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Vehicle sales, travel push key inflation gauge up by 0.4% in September

PCE inflation, a key metric used by the Fed, was up 0.4% in September, 3.4% compared to the same month a year ago. The increase was led by motor vehicle prices and international travel services. Photo by John Angelillo/UPI
PCE inflation, a key metric used by the Fed, was up 0.4% in September, 3.4% compared to the same month a year ago. The increase was led by motor vehicle prices and international travel services. Photo by John Angelillo/UPI | License Photo

Oct. 27 (UPI) -- The personal consumption expenditures price index, a key inflation gauge used by the Federal Reserve, rose 0.4% in September, the Bureau of Economic Analysis reported Friday.

The price increases were driven by motor vehicles and international travel services.

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Personal consumption expenditures increased by $138.7 billion (0.7%) in September. Excluding food and energy, the PCE inflation index was up 0.3%.

"From the same month one year ago, the PCE price index for September increased 3.4 percent," the BEA said in a statement. "Prices for goods increased 0.9 percent and prices for services increased 4.7 percent. Food prices increased 2.7 percent and energy prices decreased by less than 0.1 percent. Excluding food and energy, the PCE price index increased 3.7 percent from one year ago."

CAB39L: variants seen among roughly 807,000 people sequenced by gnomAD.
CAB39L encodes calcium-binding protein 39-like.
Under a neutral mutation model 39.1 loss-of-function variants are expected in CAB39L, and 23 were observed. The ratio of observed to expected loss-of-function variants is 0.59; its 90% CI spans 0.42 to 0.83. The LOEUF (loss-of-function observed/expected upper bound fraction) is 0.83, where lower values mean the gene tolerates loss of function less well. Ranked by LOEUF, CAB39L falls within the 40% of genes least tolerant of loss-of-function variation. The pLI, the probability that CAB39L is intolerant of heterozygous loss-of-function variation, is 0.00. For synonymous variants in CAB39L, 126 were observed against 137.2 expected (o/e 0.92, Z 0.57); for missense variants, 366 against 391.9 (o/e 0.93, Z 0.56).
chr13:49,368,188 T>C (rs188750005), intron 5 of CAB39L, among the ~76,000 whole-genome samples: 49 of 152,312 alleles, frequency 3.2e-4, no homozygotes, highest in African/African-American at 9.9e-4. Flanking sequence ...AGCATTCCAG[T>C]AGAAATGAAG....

Broken down by services and goods, PCE consumer spending on services was up by $96.2 billion while goods spending was up $42.5 billion.

"Within goods, the largest contributors to the increase were motor vehicles and parts (both new and used vehicles) and other nondurable goods (led by prescription drugs)," the BEA said. "Within services, the largest contributor to the increase was other services (led by international travel)."

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Personal income was up by $77.8 billion, an increase of 0.3% at a monthly rate. Disposable personal income was up by $56.1 billion, a bump of 0.3%.

Real disposable income based on chained 2017 dollars, decreased by 0.1% in September.

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